The Concept: LGBTQ is an initialism that collectively refers to the lesbian, gay, bisexual, transgender, and Queer communities. In use since the 1990s, the term is an adaptation of the initialism LGB, which itself started replacing the phrase gay community beginning in the mid-to-late 1980s. The initialism has become mainstream as a self-designation and has been adopted by the majority of sexuality and gender identity-based community centers and media in the United States.
Definitions: Throughout the following list of definitions I’ve chosen to use terms and denotations that are commonly accepted by those who identify as LGBTQ. The one exception will be to use the term homosexual, rather than “gay” when referring to people attracted to members of the same sex. (The Gay & Lesbian Alliance Against Defamation considers the term “homosexual” to be offensive and recommends that journalists use the term “gay.”)
Gay – Until the mid-twentieth century, the term gay was originally used to refer to feelings of being “carefree”, “happy”, or “bright and showy”, though it also added, in the late 17th century, the meaning “addicted to pleasures and dissipations” implying a that a person was uninhibited by moral constraints. In the 1960s, the term began to be used in reference to people attracted to members of the same sex who often found the term “homosexual” to be too clinical or critical. Currently, the term “gay” is used to refer to men attracted to men, though it is also used colloquially as an umbrella term to include all LGBTQ people.
Lesbian – The term most widely used in the English language to describe sexual and romantic attraction between females. (The word is derived from the name of the Greek island of Lesbos, home to Sappho (6th century BC), a female poet that proclaimed her love for girls). The term “gay and lesbian” became more popular in 1970s as a way of acknowledging the two broad sexual-political communities that were part of the Gay liberation movement.
Bisexual – A person who is attracted to two sexes or two genders, but not necessarily simultaneously or equally. Although the term used to be defined as a person who is attracted to both genders or both sexes, that has been replaced by the number two since the LGBT community believes there are not only two sexes (e.g., there are also intersex and transsexual) and there are not only two genders (see transgender). Within the LGBTQ community, a person that is sexually attracted to more than two biological sexes or gender identities is often referred to as pansexual or omnisexual.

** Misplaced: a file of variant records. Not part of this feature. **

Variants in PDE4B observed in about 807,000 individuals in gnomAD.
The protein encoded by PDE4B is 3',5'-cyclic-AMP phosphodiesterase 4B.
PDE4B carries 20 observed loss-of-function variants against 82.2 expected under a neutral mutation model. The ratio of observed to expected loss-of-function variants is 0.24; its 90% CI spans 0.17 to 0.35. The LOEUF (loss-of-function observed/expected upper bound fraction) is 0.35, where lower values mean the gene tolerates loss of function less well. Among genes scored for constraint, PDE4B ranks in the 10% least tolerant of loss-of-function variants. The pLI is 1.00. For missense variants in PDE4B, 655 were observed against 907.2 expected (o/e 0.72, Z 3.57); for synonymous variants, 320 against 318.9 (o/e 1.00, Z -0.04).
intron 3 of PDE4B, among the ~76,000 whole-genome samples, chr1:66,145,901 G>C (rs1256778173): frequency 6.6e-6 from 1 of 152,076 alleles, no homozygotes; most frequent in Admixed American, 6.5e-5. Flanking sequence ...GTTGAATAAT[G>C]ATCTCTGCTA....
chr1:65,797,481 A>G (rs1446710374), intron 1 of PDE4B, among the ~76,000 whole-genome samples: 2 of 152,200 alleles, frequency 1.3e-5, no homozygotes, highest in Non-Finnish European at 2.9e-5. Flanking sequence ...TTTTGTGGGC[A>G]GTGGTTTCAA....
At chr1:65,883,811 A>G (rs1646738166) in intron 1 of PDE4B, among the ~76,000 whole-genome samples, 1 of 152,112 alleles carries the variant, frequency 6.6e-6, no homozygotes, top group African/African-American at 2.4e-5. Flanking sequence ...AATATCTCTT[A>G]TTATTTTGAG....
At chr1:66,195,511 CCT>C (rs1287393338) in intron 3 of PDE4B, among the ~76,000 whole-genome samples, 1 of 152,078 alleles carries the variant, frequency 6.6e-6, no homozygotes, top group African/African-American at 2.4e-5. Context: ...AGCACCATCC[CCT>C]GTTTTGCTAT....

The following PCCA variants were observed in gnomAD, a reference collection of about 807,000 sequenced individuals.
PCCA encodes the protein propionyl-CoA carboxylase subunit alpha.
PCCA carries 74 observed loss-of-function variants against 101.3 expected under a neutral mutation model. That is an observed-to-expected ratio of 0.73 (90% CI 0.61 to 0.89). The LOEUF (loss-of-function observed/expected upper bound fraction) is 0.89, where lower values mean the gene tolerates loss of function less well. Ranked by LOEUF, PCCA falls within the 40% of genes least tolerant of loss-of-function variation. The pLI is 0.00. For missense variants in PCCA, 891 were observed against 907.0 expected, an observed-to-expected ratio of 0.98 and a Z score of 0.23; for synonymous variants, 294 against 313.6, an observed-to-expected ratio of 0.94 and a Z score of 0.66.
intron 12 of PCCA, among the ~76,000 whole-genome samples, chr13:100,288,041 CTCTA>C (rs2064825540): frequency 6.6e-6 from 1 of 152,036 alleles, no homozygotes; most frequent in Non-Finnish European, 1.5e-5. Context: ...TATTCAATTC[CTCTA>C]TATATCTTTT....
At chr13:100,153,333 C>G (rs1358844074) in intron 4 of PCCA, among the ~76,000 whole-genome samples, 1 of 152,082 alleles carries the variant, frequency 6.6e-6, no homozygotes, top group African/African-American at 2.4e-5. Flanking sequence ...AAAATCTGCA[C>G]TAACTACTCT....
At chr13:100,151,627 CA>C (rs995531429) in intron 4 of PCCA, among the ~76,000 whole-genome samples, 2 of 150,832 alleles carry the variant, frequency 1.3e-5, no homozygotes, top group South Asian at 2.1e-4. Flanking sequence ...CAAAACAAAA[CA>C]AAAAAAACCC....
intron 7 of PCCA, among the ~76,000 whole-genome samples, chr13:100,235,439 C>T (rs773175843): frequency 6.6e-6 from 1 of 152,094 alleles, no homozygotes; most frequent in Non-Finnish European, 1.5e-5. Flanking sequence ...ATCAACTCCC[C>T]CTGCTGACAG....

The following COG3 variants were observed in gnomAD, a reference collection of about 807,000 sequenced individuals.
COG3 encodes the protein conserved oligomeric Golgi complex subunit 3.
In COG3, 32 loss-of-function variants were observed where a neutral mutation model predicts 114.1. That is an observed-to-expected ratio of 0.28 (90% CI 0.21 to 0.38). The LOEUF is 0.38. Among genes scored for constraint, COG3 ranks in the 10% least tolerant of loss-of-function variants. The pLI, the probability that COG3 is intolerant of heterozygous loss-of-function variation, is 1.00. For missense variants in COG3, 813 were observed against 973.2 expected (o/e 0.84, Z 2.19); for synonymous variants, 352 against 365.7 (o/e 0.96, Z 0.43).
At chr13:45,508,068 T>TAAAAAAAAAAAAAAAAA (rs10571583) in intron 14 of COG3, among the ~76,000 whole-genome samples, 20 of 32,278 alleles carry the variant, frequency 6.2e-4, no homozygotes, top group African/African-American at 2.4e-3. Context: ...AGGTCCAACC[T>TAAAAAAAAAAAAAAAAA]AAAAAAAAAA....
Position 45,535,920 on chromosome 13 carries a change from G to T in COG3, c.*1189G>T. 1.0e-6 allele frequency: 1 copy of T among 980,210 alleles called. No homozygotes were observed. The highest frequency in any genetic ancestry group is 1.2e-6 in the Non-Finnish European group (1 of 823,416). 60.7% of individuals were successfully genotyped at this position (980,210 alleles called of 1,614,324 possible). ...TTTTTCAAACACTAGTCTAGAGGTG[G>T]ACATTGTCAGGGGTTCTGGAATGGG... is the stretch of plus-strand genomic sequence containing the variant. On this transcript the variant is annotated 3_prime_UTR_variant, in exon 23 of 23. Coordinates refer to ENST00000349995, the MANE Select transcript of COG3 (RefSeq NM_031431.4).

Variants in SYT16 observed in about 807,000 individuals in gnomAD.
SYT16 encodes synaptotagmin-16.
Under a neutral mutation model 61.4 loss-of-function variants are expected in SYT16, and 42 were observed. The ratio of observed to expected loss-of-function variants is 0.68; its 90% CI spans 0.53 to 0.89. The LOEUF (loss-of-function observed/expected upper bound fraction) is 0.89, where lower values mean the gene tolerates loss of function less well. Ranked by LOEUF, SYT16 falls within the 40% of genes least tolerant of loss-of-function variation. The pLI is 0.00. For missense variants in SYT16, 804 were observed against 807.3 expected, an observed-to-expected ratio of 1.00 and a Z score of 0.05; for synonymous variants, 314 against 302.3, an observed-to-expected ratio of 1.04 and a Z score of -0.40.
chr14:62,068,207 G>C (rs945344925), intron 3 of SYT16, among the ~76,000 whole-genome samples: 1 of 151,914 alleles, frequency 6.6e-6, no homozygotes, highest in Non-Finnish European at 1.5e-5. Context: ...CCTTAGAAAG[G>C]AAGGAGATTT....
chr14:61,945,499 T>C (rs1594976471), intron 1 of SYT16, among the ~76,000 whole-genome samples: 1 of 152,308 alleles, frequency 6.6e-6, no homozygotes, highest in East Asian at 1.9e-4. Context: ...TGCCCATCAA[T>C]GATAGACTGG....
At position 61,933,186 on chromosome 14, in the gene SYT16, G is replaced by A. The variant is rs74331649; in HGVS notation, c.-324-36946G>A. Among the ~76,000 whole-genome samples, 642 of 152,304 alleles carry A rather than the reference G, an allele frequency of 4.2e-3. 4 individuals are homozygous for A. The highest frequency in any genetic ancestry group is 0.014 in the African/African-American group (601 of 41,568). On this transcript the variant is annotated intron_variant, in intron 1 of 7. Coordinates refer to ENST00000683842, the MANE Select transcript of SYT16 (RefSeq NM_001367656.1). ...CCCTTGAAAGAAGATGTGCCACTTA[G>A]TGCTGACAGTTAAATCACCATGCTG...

Transgender – A general term applied to a variety of individuals, behaviors, and groups involving tendencies to vary from culturally conventional gender roles. Transgender people are those whose psychological self (“gender identity”) differs from the social expectations for the physical sex they were born with. In the LGBTQ community, a distinction is made between biological sex, which is one’s body (genitals, chromosomes, etc.), and social gender, which refers to levels of masculinity and femininity. For example, a female with a masculine gender identity or who identifies as a man. Transgender is an umbrella term for transsexuals, cross-dressers (transvestites), transgenderists, “gender queers” (e.g., androgynous), and people who identify as neither female nor male and/or as neither a man or as a woman. Transgender is not a sexual orientation and transgender people may have any sexual orientation. While some people may fit under this definition of transgender, they may choose not to identify as such.